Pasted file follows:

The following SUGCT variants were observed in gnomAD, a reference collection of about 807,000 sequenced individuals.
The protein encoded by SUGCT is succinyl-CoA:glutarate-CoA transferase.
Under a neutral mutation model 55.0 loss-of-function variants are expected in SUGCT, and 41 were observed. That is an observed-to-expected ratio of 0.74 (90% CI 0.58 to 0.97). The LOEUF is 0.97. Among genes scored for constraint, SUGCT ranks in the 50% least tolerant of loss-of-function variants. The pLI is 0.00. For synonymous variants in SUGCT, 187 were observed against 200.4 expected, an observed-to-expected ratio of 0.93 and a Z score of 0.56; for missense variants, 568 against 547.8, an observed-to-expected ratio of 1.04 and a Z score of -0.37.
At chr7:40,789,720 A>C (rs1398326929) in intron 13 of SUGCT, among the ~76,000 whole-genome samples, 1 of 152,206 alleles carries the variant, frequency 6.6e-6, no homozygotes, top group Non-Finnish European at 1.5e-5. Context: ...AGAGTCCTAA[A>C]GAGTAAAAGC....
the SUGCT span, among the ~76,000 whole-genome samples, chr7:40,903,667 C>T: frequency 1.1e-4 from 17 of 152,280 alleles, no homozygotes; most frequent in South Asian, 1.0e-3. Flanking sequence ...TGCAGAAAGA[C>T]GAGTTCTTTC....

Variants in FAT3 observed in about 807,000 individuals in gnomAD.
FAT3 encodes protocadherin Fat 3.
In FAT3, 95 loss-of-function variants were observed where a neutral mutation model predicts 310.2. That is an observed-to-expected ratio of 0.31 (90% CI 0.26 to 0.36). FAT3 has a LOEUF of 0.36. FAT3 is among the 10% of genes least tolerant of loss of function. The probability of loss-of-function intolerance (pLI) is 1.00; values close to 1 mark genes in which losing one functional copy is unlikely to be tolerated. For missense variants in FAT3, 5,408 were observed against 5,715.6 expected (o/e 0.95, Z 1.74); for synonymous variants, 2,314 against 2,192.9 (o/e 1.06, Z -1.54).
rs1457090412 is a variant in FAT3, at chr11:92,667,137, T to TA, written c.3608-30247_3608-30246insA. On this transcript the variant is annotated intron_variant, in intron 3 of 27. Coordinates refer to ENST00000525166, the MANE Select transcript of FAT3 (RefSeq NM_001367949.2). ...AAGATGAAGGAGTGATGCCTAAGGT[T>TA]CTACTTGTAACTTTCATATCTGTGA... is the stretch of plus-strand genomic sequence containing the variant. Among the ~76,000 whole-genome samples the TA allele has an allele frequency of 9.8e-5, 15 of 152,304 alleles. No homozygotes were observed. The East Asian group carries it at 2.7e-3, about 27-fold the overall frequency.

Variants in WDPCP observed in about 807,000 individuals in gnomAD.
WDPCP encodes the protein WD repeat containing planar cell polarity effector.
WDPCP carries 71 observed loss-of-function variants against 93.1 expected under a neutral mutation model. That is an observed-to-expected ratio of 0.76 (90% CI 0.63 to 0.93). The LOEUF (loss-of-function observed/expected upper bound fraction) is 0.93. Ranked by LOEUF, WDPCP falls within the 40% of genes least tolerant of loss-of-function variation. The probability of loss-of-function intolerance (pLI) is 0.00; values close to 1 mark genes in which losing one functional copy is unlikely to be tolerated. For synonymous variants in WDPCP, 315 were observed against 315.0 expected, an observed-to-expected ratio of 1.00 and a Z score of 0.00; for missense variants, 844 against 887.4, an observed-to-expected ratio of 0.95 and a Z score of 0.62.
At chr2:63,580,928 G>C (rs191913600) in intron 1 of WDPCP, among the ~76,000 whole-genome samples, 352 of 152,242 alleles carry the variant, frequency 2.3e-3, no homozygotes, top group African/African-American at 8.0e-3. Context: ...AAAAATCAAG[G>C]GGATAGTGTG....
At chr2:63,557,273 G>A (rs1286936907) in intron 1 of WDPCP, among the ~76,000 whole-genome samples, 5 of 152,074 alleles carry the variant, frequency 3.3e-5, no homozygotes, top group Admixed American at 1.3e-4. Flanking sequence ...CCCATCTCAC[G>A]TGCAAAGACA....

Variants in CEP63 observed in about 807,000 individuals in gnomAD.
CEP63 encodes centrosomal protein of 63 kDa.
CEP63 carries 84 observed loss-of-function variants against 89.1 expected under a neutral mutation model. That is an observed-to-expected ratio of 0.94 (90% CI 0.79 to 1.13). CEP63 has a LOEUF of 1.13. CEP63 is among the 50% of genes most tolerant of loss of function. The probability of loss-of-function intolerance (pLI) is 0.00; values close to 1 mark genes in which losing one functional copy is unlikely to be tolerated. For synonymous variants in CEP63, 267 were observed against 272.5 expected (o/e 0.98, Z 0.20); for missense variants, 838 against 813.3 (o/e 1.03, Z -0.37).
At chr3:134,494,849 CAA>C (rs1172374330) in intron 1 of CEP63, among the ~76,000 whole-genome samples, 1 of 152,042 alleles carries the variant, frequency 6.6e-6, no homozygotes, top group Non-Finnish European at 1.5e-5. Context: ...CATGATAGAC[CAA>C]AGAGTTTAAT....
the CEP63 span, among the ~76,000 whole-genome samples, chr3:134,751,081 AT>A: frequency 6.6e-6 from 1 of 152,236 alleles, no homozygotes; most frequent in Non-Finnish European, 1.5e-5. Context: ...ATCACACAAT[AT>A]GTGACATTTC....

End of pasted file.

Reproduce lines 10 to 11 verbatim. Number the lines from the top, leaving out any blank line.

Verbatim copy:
Variants in WDPCP observed in about 807,000 individuals in gnomAD.
WDPCP encodes the protein WD repeat containing planar cell polarity effector.